Almost exactly five months ago to the day, I gave birth to my daughter Louise and became a mother. Some people feel that they become mothers as soon as they know they are pregnant, but it didn’t happen that way for me. All throughout pregnancy, I was incredibly excited, but more than anything, I was curious – Who would my baby be? What would he or she be like? And also, who would I be as a mom? How would I change?
To some extent, I could imagine the answers to these questions, but deep down I didn’t really know. There are countless books, blogs, podcasts, Instagram accounts, and apps that attempt to tell us what we can expect when we have our babies, but none of them prepared me for the moment that my daughter was born. In that moment, I got the answers to all of my questions and more.
The answer that surprised me the most was to the question “How would I change when I became a mother?” The fact is, I didn’t change. I have stayed exactly the same. I am the same woman I was before meeting my daughter, with all of the same insecurities and strengths and everything in between. I expected a huge inner transformation the moment I met Louise, but it didn’t happen.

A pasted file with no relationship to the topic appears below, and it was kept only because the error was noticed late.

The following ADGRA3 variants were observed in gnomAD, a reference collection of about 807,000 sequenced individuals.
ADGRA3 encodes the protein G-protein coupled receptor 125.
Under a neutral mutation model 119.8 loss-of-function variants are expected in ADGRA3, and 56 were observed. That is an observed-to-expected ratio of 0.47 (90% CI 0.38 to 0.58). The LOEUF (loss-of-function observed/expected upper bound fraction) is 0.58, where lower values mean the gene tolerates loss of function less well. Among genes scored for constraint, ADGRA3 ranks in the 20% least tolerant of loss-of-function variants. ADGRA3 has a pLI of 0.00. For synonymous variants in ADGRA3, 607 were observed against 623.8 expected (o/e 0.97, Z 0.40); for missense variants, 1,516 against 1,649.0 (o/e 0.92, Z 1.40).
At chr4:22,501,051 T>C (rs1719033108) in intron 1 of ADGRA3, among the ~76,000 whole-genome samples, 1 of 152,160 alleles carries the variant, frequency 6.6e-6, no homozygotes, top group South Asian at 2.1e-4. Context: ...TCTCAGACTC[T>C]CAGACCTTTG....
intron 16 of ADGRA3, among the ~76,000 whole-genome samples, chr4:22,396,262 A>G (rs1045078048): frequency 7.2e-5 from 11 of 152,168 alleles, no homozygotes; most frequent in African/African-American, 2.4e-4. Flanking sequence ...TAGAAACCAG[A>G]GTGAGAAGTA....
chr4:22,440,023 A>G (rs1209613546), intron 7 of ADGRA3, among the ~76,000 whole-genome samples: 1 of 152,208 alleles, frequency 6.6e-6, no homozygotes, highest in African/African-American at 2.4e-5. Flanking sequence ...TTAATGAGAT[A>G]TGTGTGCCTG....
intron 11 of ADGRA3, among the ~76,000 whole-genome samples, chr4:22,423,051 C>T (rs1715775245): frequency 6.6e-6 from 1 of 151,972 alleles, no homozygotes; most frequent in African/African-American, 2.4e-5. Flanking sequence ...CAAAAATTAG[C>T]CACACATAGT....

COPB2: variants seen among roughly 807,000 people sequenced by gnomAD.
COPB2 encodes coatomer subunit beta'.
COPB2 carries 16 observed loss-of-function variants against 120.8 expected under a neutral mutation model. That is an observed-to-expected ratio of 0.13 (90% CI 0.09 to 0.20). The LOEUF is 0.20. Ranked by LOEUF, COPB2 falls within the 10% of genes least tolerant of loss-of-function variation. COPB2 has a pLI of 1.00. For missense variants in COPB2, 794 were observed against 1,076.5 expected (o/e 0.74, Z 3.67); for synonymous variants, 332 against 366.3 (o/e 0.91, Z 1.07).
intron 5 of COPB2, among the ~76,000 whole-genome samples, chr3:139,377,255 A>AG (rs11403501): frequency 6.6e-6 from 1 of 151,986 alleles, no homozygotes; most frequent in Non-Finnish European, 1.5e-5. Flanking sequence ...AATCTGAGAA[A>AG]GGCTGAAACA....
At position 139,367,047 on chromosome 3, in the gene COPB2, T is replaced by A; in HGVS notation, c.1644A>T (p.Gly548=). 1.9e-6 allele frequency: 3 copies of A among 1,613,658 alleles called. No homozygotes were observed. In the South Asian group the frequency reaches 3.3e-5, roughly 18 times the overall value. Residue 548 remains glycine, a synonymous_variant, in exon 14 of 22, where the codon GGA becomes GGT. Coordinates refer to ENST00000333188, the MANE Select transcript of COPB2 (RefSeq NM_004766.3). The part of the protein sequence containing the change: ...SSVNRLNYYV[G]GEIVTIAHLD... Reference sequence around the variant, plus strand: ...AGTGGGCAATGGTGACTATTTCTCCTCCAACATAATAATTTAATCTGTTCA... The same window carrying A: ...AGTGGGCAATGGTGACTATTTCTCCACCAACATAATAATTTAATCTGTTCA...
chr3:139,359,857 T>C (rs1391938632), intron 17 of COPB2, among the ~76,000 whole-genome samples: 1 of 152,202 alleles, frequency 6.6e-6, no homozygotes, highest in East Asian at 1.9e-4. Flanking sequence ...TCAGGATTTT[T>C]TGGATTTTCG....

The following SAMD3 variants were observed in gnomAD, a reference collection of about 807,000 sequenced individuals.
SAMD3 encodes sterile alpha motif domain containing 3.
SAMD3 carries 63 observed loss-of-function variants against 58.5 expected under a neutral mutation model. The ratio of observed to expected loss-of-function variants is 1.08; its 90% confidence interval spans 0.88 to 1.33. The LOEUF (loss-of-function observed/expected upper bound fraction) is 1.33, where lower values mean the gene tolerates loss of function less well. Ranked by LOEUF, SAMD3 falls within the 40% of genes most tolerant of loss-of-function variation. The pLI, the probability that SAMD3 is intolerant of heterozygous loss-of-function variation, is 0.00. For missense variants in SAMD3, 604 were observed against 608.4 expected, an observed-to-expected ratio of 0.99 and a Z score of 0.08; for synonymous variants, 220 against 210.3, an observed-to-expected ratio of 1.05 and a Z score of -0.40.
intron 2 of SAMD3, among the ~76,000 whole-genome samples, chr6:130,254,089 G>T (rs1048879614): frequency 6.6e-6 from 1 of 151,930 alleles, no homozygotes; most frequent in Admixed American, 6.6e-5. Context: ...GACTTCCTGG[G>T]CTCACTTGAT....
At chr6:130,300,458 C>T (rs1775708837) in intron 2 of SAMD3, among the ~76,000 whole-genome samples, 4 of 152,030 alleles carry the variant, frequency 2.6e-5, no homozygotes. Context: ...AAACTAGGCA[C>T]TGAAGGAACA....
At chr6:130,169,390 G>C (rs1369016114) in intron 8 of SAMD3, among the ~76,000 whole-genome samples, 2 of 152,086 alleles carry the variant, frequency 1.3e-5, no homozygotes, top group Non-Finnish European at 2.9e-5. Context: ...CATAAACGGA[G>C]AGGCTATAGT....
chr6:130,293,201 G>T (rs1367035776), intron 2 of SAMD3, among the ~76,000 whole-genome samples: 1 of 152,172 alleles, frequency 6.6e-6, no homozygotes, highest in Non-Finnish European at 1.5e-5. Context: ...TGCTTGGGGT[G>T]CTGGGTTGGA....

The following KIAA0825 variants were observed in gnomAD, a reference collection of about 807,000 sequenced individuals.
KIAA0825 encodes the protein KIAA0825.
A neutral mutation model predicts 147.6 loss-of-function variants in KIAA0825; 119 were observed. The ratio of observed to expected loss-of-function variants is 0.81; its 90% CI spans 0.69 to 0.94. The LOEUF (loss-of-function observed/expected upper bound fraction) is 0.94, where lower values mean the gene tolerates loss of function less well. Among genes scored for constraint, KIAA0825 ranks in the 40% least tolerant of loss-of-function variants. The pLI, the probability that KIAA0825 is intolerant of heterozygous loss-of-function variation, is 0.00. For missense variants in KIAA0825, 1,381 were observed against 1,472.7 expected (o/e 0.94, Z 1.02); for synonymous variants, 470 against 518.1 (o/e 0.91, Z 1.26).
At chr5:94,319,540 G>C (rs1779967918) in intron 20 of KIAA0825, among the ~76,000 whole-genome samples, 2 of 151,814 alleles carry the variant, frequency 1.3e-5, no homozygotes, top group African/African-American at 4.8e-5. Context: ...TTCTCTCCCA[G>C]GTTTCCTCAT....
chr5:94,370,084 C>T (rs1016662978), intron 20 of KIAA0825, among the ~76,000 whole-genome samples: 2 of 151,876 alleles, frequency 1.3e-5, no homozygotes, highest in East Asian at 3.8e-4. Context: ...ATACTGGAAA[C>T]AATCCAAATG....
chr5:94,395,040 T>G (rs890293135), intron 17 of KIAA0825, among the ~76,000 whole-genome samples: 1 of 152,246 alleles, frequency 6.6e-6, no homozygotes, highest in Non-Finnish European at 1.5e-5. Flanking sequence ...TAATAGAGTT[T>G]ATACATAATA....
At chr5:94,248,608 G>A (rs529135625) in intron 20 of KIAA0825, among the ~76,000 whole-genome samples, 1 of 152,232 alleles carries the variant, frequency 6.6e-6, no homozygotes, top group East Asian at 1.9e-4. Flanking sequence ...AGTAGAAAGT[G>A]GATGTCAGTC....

I didn’t change when I became a mom, but the way I viewed the world around me changed drastically and instantaneously. I began to see everything through the lens of motherhood.
Through the Lens of Motherhood: Work
It is important to me to share that my relationship with work since having Louise has been complicated and difficult. As someone whose company focuses on elevating the issues that are unique to women in the workplace, and as someone who truly loves what I do, I thought that I knew what to expect when returning to work: a bumpy transition, extra tiredness, and a few tears the first day I dropped her off. The ins and outs of the emotions I experienced when coming back to work are enough for an entirely different post, but I will just acknowledge here that it was hard, caused me to question myself a lot, and also that I am very happy to be past the transition period.
Because now, when I look through the lens of motherhood at my work, I am beyond grateful to do what I do. I am the mother of a daughter, yes, but more important, I am the mother of someone who is going to be entering the workforce themselves in twenty or so years. I want that workforce to be one of transparent parity. I want her playing field to be equal.
So now, even if it is still difficult at times for me to drop her off for the day, or especially when I have an engagement that calls for me to leave before she wakes up in the morning and/or stay out until after she is in bed, I am excited to be doing what I do. Through the lens of motherhood, I can clearly remember the impact it had on me to see my mother working hard and passionately about something she cared about, and I can be grateful to show that to my daughter as well.
Oh, and also, through the lens of motherhood, I am better able to determine which tasks are actually urgent and which tasks can wait until morning. Or at least until after bedtime.
Through the Lens of Motherhood: Friendships